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I went to see Cory Booker, senator from New Jersey.

He is absolutely a rock star politician. I’ve seen politicians talk before, but never like this.

He was supposed to talk for about 30 minutes. He ended up talking more than an hour. He spoke completely without notes. Granted, I’m sure that there’s probably a stock core to the speech, but he kept it vibrant and apparently spontaneous. It was a bravura performance.

His whole message centers around love. People speak about tolerance. Tolerance should be the absolute floor of feeling. Tolerance implies that you let the other person live but that you would not be affected if the person would cease to exist. We should all aim for the higher plane of truly feeling love for each other.

This could easy have been a self-righteous, sanctimonious, holier than thou sort of speech, and in less capable hands, it probably would have been. Throughout his entire speech, he was self deprecating and frankly admitting all of the ways that he himself does not live up to this ideal, but failing at an ideal is not an excuse to stop attempting the pursuit of it.

He was passionate. He told a deeply moving story that connected the help that his father received that in turn led directly to the charmed life that Senator Booker leads to a young man in Newark that was murdered that he tried to mentor but then kind of lost track of while he was caught up being the mayor. He was near tears as he told this story. The story is too long to tell hear, but is the source of this blog’s title.

He told a story that made a connection between his father’s ability to buy a house in a middle class neighborhood that in turn gave Senator Booker education opportunities that propelled him on the path that he’s on today with Bloody Sunday , a day in which civil rights workers, including most famously John Lewis, were attacked as they crossed over the Edmund Pettus bridge during their march from Selma to Montgomery. State troopers attacked the non-violent marchers. This attack inspired a lawyer to support Booker’s father in his attempt to own a house in a neighborhood that previously was whites only.

He told another story connecting an act of kindness that he did for a mother with two young children on a cross country flight to his later mayoral elections in Newark.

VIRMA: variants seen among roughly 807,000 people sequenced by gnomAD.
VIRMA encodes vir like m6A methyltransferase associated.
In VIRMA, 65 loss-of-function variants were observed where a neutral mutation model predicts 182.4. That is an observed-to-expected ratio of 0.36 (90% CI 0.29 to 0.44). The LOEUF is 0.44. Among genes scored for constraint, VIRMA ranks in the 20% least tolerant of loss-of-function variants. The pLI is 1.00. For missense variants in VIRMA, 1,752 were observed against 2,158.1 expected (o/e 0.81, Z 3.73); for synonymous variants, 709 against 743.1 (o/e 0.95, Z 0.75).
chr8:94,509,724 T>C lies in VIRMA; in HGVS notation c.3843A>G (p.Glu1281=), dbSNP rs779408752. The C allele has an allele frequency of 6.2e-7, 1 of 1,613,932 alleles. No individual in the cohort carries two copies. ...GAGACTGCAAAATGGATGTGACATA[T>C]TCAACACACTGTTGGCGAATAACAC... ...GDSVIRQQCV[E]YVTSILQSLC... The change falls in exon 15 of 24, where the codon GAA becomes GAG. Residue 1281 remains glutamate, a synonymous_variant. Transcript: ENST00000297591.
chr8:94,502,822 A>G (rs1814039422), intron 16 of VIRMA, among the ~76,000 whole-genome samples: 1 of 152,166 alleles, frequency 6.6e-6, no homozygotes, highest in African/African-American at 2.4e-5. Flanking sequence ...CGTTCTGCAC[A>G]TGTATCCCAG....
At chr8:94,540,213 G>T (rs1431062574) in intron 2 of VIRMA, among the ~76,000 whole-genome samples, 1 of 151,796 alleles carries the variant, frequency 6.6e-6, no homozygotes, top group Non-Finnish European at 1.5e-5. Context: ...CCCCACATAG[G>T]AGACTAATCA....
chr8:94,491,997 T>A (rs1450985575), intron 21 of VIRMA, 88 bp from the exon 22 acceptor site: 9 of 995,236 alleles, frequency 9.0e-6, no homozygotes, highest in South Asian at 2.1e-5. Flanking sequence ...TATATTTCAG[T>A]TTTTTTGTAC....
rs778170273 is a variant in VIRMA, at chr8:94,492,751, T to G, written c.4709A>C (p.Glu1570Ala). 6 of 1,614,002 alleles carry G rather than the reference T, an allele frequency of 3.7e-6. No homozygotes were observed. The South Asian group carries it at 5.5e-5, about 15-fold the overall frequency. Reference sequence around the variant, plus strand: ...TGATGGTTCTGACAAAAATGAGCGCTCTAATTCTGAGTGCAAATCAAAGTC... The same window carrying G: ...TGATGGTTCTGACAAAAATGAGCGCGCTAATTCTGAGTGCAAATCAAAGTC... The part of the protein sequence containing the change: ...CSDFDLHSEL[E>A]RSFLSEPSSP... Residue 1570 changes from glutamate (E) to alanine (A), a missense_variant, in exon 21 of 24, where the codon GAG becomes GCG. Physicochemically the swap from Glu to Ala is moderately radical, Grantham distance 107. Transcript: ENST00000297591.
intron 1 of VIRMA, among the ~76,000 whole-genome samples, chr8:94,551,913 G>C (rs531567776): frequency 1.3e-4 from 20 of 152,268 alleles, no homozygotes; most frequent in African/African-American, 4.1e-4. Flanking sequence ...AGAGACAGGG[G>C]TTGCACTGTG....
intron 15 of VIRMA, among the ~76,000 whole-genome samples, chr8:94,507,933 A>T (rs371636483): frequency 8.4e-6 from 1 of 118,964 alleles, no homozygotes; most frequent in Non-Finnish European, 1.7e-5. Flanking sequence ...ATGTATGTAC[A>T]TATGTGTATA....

The message is that acts do matter. Acts do have a butterfly effect that can cause significant ramifications.

I found it interesting that Senator Patty Murray was there as well (in the audience). He was clearly stumping her candidacy by repeatedly trumpeting her many accomplishments and describing what a role model she is. Senator Murray has been a senator for 24 years. Senator Booker has been one for 2 years, and yet, it was Senator Murray that was trying to ride his very charismatic coattails.

As a black man, he seemed to walk a narrow tightrope on race issues. On the one hand, he was very forthright about the racial injustice that is still rampant today. I’ve just read the New Jim Crow and he cites those same statistics and describes how the war on crime has been an attack on minorities. He did this all in a non-threatening manner. After all, he was in Seattle. The audience, by Seattle’s measurements, was diverse, but still probably at least 70% white. His response to these issues seemed calm and measured, especially in comparison to some of the passion that he showed in earlier parts of his talk. I’d be interested to hear him speak in front of a predominantly black crowd to see how much he tunes his speech to the audience in front of him. I’m sure that all politicians do this.

By the end of his talk, he completely had the crowd in the palm of his hands. He received three standing ovations. He was by far the most inspiring person that I’ve ever heard speak. It’s distressing that he’s not running for president this year. I think that his message of love and optimism could have truly been a uniting factor and if, God helps us, Trump wins the Republican nomination, would have absolutely overwhelmed him.

I think, in all seriousness, that he could be the man that could change our nation.

 

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